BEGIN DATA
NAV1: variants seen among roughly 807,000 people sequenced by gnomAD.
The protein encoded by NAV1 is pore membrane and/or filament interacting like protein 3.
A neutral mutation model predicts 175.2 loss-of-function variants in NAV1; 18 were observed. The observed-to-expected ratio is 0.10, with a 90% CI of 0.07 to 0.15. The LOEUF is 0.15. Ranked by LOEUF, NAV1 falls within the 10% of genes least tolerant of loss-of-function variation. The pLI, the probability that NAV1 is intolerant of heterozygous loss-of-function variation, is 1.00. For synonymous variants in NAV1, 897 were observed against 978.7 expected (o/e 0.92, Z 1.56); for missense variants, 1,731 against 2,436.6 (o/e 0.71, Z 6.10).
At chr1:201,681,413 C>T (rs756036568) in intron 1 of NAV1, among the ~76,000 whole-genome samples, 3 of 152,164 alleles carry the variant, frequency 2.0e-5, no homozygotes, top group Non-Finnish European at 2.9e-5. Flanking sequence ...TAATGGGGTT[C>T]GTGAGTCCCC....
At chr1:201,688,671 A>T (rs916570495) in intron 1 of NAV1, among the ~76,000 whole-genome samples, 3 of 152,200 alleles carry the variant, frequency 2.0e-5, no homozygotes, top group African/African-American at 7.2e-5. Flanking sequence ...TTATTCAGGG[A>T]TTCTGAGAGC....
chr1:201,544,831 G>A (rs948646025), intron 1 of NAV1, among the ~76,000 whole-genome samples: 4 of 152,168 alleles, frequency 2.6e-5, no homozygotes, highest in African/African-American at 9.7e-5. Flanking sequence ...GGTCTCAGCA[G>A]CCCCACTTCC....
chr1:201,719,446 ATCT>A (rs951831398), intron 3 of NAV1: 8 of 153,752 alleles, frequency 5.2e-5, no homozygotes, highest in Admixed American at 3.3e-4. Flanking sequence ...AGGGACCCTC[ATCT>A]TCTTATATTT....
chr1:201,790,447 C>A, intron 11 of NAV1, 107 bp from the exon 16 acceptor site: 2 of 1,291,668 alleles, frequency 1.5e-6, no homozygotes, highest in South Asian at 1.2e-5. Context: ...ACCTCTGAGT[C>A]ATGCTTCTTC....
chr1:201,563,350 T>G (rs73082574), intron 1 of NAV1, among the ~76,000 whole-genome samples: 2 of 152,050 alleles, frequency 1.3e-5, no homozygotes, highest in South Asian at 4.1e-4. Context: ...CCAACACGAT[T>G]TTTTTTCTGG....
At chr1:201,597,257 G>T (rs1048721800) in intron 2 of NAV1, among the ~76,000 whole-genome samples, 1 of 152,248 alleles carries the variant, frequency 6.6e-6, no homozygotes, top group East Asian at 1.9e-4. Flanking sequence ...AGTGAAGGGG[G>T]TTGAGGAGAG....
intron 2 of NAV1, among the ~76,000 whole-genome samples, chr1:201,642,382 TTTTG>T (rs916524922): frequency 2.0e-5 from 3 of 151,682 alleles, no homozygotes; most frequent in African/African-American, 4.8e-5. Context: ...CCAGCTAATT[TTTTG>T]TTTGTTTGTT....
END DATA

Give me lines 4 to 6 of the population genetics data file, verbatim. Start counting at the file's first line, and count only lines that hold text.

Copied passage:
At chr1:201,681,413 C>T (rs756036568) in intron 1 of NAV1, among the ~76,000 whole-genome samples, 3 of 152,164 alleles carry the variant, frequency 2.0e-5, no homozygotes, top group Non-Finnish European at 2.9e-5. Flanking sequence ...TAATGGGGTT[C>T]GTGAGTCCCC....
At chr1:201,688,671 A>T (rs916570495) in intron 1 of NAV1, among the ~76,000 whole-genome samples, 3 of 152,200 alleles carry the variant, frequency 2.0e-5, no homozygotes, top group African/African-American at 7.2e-5. Flanking sequence ...TTATTCAGGG[A>T]TTCTGAGAGC....
chr1:201,544,831 G>A (rs948646025), intron 1 of NAV1, among the ~76,000 whole-genome samples: 4 of 152,168 alleles, frequency 2.6e-5, no homozygotes, highest in African/African-American at 9.7e-5. Flanking sequence ...GGTCTCAGCA[G>A]CCCCACTTCC....